Saturday, March 8, 2008

Catching up with the Tesla Roadster

Software developments often end with a product that is delivered late and has fewer features and functionality than originally planned. Well, the Tesla Roadster--founded by Silicon Valley techies--seems to share these unwelcome similarities. The delivery date for the car has slipped (now March 17). And the first production vehicles will ship with a "temporary" one-speed transmission that can be swapped out in the future for the two-speed transmission that was originally planned.

For all the Tesla-bashing, however, it's exciting to think that the company may be at the forefront of--and accelerating the arrival of--a new chapter in transportation history. I don't think it's a stretch to say that Tesla's founders want to change the way people think about driving (a high-performance, electric-powered sports car), give them an relatively environmentally-friendly alternative to gas-fueled vehicles, and blunt the negative effects of global warming and the world's dependence on oil. While the Tesla Roadster may not be the "greenest" vehicle to hit the market (new models are flown to the US from England, where they are produced; there are questions about the production, useful life, and disposal of the batteries; the $100,000 Roadster will never be a "mainstream" car), this just may be the beginning of a world in which electric-powered vehicles are a realistic alternative for a majority of drivers. And that's exciting.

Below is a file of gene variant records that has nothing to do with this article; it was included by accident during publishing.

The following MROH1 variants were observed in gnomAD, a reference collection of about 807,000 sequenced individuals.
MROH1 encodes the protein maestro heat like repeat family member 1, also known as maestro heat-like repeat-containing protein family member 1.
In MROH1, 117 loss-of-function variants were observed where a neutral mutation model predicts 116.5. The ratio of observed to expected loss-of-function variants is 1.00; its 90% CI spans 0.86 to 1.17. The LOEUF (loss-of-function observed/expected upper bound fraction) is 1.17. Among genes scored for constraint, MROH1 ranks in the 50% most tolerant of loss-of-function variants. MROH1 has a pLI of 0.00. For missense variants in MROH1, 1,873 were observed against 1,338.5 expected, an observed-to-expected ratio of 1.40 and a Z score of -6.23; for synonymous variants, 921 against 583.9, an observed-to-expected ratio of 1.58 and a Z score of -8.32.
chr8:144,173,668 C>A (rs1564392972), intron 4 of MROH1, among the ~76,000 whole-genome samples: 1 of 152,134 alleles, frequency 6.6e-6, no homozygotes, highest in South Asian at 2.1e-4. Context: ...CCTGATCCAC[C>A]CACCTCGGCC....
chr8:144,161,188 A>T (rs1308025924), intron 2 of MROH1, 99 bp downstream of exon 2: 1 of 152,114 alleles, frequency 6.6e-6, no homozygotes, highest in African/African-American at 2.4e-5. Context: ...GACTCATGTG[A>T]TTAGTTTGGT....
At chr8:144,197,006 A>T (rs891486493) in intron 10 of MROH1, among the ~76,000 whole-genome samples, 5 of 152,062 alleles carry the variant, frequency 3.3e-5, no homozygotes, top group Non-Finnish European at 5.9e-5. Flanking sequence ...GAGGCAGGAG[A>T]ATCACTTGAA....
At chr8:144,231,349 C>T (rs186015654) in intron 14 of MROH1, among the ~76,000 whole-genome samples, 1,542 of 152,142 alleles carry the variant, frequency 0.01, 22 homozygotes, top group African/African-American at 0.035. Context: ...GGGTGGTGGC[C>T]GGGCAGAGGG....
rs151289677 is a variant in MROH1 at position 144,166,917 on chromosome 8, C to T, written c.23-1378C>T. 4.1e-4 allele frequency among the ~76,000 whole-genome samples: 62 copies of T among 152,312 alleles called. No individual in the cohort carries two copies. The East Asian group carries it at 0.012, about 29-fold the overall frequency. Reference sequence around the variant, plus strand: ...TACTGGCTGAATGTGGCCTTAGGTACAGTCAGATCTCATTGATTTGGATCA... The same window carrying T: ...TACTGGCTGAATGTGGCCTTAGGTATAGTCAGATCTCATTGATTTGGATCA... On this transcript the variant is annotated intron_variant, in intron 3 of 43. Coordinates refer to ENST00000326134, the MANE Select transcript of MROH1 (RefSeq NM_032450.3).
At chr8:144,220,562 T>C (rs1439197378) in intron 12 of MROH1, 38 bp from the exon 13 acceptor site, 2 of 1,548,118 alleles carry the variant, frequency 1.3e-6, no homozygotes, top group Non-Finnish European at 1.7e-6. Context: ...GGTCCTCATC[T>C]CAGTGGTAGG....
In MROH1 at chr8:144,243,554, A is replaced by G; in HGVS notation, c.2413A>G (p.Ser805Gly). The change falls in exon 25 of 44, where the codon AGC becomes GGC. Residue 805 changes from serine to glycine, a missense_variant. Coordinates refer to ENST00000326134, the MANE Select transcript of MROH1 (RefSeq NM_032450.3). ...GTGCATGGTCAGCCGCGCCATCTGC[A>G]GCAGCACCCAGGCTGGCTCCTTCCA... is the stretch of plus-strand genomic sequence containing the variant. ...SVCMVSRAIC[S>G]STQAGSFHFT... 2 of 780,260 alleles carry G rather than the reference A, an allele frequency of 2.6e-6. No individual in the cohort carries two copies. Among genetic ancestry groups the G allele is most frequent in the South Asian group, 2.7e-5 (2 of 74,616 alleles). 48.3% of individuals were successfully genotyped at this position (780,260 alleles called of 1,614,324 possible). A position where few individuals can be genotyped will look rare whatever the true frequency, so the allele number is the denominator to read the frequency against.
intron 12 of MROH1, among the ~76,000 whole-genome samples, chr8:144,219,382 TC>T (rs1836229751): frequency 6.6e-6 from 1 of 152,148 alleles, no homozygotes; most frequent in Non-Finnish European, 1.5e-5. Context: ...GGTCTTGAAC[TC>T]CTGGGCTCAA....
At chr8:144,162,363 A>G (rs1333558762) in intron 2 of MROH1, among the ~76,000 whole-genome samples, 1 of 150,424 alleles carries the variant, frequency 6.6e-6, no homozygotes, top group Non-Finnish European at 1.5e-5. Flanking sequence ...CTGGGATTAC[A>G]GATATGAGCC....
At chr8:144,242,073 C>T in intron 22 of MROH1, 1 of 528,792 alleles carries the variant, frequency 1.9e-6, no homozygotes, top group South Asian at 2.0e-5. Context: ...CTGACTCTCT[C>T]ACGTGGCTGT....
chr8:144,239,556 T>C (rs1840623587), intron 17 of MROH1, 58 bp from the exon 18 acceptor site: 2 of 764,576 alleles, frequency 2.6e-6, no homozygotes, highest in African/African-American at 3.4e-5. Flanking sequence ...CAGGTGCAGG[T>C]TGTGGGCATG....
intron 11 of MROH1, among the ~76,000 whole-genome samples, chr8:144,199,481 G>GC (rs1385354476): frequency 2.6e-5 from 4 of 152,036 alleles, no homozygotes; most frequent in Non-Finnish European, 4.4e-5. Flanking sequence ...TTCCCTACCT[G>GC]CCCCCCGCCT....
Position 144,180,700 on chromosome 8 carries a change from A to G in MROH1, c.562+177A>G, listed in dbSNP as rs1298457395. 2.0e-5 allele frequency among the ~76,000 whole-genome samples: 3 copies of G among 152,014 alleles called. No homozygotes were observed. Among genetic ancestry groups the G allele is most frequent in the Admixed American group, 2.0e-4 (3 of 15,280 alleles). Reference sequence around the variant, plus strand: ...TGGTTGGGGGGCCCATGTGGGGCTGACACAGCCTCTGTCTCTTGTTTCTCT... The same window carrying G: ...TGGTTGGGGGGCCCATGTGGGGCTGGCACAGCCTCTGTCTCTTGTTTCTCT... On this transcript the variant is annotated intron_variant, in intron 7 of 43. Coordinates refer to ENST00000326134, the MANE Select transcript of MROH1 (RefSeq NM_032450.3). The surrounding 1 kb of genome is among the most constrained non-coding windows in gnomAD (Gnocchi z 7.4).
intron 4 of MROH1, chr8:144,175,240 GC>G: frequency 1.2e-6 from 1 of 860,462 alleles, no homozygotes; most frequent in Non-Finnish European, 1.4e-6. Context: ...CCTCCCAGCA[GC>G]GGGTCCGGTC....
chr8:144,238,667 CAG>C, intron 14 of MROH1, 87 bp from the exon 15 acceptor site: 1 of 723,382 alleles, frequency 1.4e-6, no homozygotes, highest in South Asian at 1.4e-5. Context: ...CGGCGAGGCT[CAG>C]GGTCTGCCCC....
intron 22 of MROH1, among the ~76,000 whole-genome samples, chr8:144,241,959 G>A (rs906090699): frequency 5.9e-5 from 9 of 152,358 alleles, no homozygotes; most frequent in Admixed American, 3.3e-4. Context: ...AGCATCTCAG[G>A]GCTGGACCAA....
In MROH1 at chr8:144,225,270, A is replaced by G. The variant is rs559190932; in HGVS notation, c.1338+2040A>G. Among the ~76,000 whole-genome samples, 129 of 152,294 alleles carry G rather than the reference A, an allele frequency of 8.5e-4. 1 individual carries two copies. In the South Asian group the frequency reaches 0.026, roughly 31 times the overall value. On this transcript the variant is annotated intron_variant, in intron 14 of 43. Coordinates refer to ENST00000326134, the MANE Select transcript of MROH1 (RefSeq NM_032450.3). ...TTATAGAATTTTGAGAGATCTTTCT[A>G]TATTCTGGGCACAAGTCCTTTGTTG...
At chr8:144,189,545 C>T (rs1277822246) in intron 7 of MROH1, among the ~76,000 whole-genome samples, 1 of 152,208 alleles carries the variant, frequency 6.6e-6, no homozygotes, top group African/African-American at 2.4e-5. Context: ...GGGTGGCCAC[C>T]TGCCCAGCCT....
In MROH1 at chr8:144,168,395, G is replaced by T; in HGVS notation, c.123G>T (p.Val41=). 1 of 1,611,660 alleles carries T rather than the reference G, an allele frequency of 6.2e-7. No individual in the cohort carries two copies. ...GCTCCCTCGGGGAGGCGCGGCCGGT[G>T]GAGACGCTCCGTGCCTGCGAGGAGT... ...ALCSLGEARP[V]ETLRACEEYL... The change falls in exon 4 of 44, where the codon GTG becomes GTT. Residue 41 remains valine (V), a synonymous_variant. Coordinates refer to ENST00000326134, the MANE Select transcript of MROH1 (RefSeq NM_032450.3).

To catch up with some of the recent developments at Tesla, I scanned Autoblog for some interesting articles.

Tesla co-founder Elon Musk took delivery of the first production Tesla in February. Follow the link for an article and some (not too exciting) video of the Roadster on the pavement.

Wish you could test drive the Tesla? Autoblog did. There's some more extensive video at this link, along with a video (scroll down, second video) that let's you experience the sound--or lack thereof--the Roadster makes as it cruises along.

Despite still working toward full-capacity production and delivery of its Roadster, Tesla is already working on its Whitestar sedan and a mass-market vehicle, currently dubbed Bluestar. The Whitestar sedan will probably fall in the $50,000 to $70,000 price range, and is expected to be available in 2009, with a functional prototype by year-end 2008. Tesla may partner with another firm to produce and market Bluestar, which seems to still be in early concept stages.

Finally, talk of a Tesla IPO has begun. Co-founder Elon Musk says that profitability might be reached by 2009, and an IPO could come within the next two years.

Thanks again to Autoblog for all the posts. And if you didn't get enough of Tesla here, just go to Autoblog and search on "Tesla". There's a lot more there.

1 comment:

Dave said...

Man, you really have to hope that Tesla does this right. They have a great-looking car and a great idea. Done correctly, they could really get people's attention and help to push the market for electric cars.

Of course, they'll have to not only nail the roadster, but get that first sedan done right as well. The roadster will get attention, but it will take a useful sedan to really make enough sales to have an impact and get the attention of the big boys in the industry.